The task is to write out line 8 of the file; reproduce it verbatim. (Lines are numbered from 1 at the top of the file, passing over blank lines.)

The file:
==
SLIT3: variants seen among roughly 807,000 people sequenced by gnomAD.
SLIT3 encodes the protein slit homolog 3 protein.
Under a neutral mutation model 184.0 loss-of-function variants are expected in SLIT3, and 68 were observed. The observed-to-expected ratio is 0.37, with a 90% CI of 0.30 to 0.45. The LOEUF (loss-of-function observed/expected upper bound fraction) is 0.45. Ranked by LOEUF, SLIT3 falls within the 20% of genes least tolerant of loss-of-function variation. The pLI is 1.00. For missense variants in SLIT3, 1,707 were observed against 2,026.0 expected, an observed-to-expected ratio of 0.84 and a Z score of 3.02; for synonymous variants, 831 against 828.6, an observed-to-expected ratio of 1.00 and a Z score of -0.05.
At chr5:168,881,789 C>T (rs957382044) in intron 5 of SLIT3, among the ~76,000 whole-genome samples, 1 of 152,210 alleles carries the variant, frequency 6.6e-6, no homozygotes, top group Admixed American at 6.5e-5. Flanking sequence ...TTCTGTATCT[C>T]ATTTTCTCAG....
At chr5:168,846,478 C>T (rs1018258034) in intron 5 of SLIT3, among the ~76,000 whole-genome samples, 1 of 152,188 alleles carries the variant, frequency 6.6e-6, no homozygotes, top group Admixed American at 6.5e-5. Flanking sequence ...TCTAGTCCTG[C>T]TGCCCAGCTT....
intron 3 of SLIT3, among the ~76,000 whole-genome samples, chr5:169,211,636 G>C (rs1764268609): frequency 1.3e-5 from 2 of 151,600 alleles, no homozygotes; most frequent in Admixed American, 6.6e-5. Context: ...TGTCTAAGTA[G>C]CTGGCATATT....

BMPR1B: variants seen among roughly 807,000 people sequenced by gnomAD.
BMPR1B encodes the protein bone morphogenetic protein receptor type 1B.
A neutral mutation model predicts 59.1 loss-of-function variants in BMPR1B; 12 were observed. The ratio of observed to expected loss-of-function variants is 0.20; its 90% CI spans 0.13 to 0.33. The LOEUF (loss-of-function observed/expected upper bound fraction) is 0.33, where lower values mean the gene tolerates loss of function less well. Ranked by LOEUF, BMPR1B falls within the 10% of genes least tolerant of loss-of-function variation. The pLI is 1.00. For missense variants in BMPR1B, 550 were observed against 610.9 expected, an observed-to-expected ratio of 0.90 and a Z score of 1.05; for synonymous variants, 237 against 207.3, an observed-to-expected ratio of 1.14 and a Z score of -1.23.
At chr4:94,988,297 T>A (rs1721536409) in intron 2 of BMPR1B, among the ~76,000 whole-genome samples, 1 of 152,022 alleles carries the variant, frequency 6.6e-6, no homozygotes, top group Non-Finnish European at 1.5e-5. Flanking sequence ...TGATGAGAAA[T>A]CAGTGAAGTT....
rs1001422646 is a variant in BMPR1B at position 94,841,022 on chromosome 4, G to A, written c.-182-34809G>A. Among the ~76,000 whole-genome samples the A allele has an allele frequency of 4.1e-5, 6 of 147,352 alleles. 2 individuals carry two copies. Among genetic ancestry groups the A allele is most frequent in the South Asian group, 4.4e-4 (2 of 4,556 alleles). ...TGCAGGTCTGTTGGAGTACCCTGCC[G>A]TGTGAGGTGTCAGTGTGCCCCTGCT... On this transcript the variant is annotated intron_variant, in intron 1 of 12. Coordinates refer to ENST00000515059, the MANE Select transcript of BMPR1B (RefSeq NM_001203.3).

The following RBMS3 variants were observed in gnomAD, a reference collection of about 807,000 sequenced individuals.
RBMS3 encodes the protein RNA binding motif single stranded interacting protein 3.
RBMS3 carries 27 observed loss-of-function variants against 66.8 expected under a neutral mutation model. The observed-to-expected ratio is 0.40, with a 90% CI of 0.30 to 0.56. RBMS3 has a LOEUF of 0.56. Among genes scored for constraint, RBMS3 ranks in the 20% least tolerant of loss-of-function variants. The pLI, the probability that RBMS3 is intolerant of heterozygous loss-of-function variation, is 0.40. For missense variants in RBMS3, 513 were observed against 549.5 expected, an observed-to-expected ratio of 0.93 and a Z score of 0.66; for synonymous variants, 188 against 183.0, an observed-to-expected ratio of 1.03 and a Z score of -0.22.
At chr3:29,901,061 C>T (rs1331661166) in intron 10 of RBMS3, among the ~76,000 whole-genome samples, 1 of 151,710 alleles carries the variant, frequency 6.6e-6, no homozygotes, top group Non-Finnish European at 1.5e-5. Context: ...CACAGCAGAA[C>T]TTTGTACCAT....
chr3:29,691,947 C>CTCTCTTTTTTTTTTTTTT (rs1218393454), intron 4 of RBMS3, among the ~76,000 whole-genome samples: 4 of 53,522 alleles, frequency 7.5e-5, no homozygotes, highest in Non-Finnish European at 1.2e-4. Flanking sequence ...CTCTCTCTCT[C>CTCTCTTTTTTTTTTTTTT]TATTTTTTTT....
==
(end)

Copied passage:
BMPR1B encodes the protein bone morphogenetic protein receptor type 1B.